By Rebecca J. Garcia, Watsonville Mayor
We are experiencing a crisis with the Covid-19 worldwide pandemic. We also are in a crisis with climate change. It is anticipated we have 10 years left to avoid the worst consequences of climate change. In 2015 the City of Watsonville approved a Climate Action Plan. In the short term, we have been successful in reducing carbon emissions and in conserving energy. In year five we are now updating and revising our plan so it will be a Climate Action and Adaptation Plan (CAAP). The adaptation will be based on the 2020 Local Hazard Mitigation Plan (LHMP) which prepares for floods, fire hazards, sea-level rise, and beach erosion. Climate change has an impact on all of these. Our Plan process will address climate mitigation, climate adaptation, stakeholder & community engagement, environmental justice and establish a 2030 CAAP web application.
Through the California Office of Emergency Services Pre-Disaster Mitigation Grant, the City is incorporating climate change in all current and future planning efforts. The LHMP combined with the updated CAAP will allow us to address a more complex system of climate change. The plan is not being developed in isolation but will build on our efforts with our previous CAP, our Urban Greening Plan, and with our Complete Streets to School Plan.
The goals of our plan are based on state legislation and on an executive order. Senate Bill 32 mandates statewide greenhouse gases (GHG) emissions reduction of 40% and the executive order, B-55-18 identifies carbon neutrality as a goal by 2045. To achieve this there will need to be stakeholder engagement and community engagement. This is essential to developing a plan that will have political, cultural and financial support for the required priorities. The stakeholders identified so far are: Association of Monterey Bay Area Governments (AMBAG), Central Coast Regional Climate Collaborative, Pajaro Valley Chamber of Commerce and Agriculture, Regeneración, Watsonville Wetlands Watch, Monterey Bay Economic Partnership and the agriculture industry. To reach the community during this pandemic the tools we will use will be bilingual mailers, phone calls, posts and videos on social media, and the CAAP web application. There will be two online surveys to offer feedback, provide new ideas and address the pros and cons of key issues and initiatives. Please take a few minutes to respond to our surveys. It is important that you voice your concerns and experiences with us.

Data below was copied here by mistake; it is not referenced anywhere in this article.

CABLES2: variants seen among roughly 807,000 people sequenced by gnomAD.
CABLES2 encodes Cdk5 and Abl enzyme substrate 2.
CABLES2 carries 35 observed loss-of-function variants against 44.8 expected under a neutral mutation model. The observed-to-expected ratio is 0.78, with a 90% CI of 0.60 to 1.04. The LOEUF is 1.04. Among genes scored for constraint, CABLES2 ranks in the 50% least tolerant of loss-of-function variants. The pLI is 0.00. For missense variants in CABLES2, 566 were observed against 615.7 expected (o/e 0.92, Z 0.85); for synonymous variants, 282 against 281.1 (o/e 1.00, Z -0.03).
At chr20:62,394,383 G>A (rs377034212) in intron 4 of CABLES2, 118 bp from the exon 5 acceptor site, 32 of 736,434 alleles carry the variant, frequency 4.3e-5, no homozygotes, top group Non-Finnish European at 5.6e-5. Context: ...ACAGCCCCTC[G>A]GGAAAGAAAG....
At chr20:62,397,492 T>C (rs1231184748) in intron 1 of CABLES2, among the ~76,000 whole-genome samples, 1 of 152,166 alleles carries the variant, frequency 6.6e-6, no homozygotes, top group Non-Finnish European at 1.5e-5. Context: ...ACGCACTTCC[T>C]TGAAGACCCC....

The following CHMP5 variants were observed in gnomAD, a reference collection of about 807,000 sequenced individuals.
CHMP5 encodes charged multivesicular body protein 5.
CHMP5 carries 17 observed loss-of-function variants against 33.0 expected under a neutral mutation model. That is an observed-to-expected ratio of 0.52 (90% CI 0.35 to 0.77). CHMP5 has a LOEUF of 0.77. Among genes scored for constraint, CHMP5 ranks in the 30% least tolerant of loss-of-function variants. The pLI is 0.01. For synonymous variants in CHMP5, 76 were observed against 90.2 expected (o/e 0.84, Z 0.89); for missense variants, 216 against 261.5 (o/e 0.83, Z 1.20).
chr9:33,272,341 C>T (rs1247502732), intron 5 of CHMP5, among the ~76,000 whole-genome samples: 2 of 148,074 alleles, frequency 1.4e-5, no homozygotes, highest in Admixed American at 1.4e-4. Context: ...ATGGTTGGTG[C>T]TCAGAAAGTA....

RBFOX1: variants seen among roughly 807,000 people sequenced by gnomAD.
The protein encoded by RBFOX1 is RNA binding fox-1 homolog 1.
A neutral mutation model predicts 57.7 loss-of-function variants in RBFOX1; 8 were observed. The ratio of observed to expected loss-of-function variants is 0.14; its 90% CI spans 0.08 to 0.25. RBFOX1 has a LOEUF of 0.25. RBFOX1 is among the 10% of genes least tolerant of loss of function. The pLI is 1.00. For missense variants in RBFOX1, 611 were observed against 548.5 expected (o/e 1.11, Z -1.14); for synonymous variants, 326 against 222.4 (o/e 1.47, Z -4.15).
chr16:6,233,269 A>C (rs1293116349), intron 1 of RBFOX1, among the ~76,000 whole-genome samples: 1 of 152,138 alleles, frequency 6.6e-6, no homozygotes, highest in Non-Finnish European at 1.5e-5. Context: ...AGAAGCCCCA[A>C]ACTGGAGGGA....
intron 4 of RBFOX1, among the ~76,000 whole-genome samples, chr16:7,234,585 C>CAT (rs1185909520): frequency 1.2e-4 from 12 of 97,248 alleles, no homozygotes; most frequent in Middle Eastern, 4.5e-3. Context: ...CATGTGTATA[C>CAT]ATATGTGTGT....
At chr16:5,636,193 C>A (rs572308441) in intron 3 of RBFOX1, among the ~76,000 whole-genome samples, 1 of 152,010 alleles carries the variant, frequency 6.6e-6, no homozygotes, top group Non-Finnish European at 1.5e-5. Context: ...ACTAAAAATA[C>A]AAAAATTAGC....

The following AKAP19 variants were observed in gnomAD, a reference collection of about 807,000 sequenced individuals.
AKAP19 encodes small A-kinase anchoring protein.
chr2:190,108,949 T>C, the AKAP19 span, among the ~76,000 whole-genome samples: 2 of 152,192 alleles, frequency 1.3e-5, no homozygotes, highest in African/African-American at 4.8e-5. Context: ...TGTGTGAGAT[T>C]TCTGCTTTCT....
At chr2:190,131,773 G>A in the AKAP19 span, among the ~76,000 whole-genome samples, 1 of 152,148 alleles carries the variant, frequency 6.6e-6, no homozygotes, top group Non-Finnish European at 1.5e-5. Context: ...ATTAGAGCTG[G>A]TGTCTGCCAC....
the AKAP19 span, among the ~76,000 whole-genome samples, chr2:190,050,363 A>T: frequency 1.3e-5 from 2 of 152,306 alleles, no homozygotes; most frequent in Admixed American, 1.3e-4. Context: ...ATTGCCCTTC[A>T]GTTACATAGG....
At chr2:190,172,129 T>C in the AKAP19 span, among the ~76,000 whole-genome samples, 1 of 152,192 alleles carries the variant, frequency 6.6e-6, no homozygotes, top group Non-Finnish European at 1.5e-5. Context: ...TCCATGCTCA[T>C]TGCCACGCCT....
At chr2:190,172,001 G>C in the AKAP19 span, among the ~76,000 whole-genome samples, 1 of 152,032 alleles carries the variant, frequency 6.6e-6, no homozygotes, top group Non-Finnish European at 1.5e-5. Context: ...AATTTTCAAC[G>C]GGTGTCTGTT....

Repair and restoration will also be part of our plan. We will need to identify existing and emerging technologies and techniques to sequester carbon. Our agriculture industry will be able to identify how to take carbon from the atmosphere and store it into the soil. Sequestering of carbon creates more soil fertility. The City will definitely need to plant more trees to sequester. Other strategies will need to be identified to sequester. We want to restore our natural world into a more safe and healthy state.
To assist the community in the process for our new plan a 2030 Web application will be developed. The CAAP web application will support the selection, monitoring, and implementation of the strategies provided. In addition to surveys included for feedback, the users will interact with the data through maps, charts and graphics. And it will have bilingual access.
Senate Bill 1000 mandates that all jurisdictions must address environmental justice issues. The intent is to reduce the environmental health impact that adversely affects residents in disadvantaged communities. In the Pajaro Valley, the number one issue is extreme heat. In the City we can address this by adding canopy cover by planting more trees. We can have lighter colored pavements and add more parks. However, in our agricultural fields, the farmworkers have no protection from that heat. Often some faint from heat exhaustion. Or they are only permitted to work a few hours which means a smaller paycheck. Climate change leads to that extreme heat and we must reduce it.
The plan will build climate resilience within the infrastructure of the city. But what can individuals do? I realized I had an obligation to address climate change as an individual so I decided to use my car less. The single largest carbon emissions source in the City is on-road transportation. So instead of using my car to go to the mall, I walk. Instead of using my car to go buy groceries, I walk. Instead of using my car to go to the bank, I walk. What can you do to address climate change? Remember climate change is a social justice issue. You are part of the community that needs to resolve the problem.
Mayor’s Update is a recurring column from Watsonville’s Mayor, Rebecca Garcia. Her opinions are her own and not necessarily those of the Pajaronian. Contact Garcia at [email protected]